Farmers market: A space for local connections

by Sanjana Deshpande, Features Editor
photo by Emily Schwartz

Every Saturday from 9:30 a.m. to 12:30 p.m. and Tuesday from 1:30 to 6:30 p.m. from June to October, local bakeries, farms and small shops come from near and far to sell organic produce, unique treats and specialty items at Newton North High School and Cold Spring Park. 

For over 40 years, Newton’s farmers markets have been a summer staple for residents. A sense of community extends to vendors alike.

At Uncle Joey’s Cannoli’s stand, employee Domiana Piazzisi fills fresh cannolis and hands out business cards. She said that the farmers market offers a welcoming environment and exposure to new customers and business.

“It’s really taken off in the past two years. We’ve expanded on adding new flavors, and we make all of the filling from scratch,” she said. “The customers here are really easygoing, nice people. It’s a very fun, chill, laid back environment, and I like making people smile, and people usually smile when they get a cannoli.”

Farmers markets like Newton’s provided Robert Frassica with an avenue to start and grow his business, Pocket Watch Bakery, after graduating from culinary school. His father, John Frassica, said the COVID-19 pandemic made opening a bakery even harder, so they had to find alternate solutions.

“It ​​happened to be that he graduated right when COVID broke out, so to start something at a brick and mortar, meaning a storefront business, at the time, just wasn’t a good idea. It was impossible. So he created this business where he rents a kitchen and he sells online and at the farmers markets, and he gets himself an opportunity to promote his cookies that way,” he said.

“He wants to start his own bakery, but right now, he’s working with the farmers markets because it’s amazing the people you can meet in different locations of the state. And now he doesn’t want to leave. He loves it.”

The pandemic hit Rose Chipalu, who owns Bridges Nepali Cuisine, hard as well, as she missed being able to interact with customers and see their reactions to her food.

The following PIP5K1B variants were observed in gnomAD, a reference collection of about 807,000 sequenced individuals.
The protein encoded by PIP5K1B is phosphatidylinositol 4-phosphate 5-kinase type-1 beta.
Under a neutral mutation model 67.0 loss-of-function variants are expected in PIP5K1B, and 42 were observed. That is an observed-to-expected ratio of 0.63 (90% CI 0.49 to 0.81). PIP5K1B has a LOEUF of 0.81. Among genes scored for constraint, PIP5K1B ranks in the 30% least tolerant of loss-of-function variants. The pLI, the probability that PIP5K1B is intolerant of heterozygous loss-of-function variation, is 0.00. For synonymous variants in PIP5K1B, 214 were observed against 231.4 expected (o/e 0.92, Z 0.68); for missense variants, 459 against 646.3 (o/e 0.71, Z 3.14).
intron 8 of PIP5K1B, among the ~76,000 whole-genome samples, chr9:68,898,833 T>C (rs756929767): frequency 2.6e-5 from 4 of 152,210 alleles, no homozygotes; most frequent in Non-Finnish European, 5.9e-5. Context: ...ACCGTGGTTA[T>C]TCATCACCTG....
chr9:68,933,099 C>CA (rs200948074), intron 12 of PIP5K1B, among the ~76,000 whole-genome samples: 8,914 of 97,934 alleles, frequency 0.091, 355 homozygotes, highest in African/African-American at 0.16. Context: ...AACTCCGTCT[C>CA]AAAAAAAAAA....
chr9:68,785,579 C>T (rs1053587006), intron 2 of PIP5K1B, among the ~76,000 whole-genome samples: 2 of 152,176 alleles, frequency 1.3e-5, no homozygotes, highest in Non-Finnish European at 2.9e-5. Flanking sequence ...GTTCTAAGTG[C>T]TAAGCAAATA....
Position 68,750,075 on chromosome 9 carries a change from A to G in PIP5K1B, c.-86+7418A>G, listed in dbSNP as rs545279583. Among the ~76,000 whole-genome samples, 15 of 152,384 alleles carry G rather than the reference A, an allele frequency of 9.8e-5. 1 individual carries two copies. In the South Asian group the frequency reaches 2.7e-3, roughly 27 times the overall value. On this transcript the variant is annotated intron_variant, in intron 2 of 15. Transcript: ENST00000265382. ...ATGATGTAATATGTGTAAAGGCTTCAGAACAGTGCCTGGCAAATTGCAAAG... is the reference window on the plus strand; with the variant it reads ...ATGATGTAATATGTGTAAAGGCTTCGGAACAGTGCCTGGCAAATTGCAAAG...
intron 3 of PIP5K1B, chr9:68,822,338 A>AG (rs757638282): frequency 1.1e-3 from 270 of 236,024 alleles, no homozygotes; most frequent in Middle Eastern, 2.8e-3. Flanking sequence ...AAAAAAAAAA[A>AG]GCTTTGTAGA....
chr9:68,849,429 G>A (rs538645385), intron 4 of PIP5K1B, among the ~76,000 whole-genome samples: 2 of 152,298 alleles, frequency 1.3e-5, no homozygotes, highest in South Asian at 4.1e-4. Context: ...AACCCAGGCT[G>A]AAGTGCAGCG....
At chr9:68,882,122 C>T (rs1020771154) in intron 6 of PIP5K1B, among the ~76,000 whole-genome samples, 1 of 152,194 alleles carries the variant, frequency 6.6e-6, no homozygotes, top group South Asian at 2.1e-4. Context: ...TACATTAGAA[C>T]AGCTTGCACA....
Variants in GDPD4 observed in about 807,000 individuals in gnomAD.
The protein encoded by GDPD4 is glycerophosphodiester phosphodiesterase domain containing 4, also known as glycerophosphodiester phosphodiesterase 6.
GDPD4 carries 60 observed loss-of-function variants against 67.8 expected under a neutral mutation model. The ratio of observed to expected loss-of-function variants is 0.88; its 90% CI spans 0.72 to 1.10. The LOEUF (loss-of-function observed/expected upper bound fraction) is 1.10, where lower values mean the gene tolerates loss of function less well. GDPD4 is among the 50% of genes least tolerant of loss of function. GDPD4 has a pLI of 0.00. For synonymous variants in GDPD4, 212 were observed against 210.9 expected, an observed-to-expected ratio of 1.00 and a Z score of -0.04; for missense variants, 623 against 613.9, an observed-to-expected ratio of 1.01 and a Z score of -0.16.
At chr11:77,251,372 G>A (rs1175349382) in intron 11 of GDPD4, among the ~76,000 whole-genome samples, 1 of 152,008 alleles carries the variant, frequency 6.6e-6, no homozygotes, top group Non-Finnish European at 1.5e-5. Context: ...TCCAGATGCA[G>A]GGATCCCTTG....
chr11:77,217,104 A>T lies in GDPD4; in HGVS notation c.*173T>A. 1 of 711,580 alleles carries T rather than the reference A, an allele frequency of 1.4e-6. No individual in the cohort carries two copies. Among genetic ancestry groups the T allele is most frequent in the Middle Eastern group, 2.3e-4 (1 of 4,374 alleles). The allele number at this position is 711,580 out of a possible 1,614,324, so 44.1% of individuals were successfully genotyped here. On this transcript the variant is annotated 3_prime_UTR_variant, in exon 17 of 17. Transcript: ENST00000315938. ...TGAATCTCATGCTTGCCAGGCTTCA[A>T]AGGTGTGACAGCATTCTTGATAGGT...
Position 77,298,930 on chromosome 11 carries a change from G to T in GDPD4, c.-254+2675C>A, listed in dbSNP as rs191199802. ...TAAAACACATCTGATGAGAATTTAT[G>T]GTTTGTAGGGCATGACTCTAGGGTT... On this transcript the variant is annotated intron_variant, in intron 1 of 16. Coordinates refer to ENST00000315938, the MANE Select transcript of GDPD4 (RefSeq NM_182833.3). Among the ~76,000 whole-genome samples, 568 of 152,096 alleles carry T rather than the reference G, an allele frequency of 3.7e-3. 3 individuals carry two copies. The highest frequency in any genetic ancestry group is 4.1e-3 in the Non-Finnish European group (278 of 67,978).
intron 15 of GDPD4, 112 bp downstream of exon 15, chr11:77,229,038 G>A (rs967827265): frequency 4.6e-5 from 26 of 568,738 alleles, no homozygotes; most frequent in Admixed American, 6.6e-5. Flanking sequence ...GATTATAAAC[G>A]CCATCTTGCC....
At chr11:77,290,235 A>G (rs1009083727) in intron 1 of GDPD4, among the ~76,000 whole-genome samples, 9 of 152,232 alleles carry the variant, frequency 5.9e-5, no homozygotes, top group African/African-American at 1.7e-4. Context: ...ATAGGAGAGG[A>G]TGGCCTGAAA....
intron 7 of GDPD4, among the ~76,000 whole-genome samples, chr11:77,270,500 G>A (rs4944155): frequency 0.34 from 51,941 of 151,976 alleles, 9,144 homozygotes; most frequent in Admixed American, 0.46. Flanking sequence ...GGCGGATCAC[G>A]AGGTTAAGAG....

“We were here two years back before the epidemic, and then we came back again,” she said. “But during the epidemic, we were not able to participate in the markets, and that was a little frustrating because we wanted to come out here and see people and see their responses to the food.”

The farmers market strives to serve the entire community no matter customers’ financial situations. Stephen Lesiczka, owner of Wally’s Vegetables, said that the market offers programs which both assist those with lower incomes and allow vendors to bring in more revenue.

“One great program that we have is through food stamps, SNAP cards and EBT cards. It’s called the Healthy Incentives Program, and anyone on a food stamp is allocated 40, 60 or 80 dollars, depending on their family [income], that they can spend at the market that’s covered by the government,” he said. “So that’s been great for us too because it brings in business that otherwise we might not get.”

Market Manager Nancy Scammon said that while the pandemic was difficult for the market as it was for everyone, it has bounced back successfully.

“We did have restrictions,” she said. “But we got through like everybody else did, and I think that the vendors are happy to be back here. We actually had some vendors who weren’t going to dump the market only because they knew that they would get better sales in this spot. So it was important to them, and I think that to the vendors, having this space is special and important.”

For vendors like Piazzisi, the community that the farmers market has fostered is the best part of selling there. Piazzisi said that she has formed connections with the other businesses at the market.

“I really like talking to them, and everyone is willing to help everyone set up and things like that,” she said. “It doesn’t feel like it’s just me. It feels like it’s all of us.”

Frassica said that he loves getting to form connections with customers and leaving an impact on the community.

“The experiences we’ve had with customers that we didn’t know before, but who now all of a sudden come back every week and we’ve gotten to know their names, is an awesome feeling,” he said. “When you see a customer come back every week, and you know his name is Mark, or Tony or Jill, and you say, ‘Oh my gosh, they’re back again,’ that’s an awesome feeling.”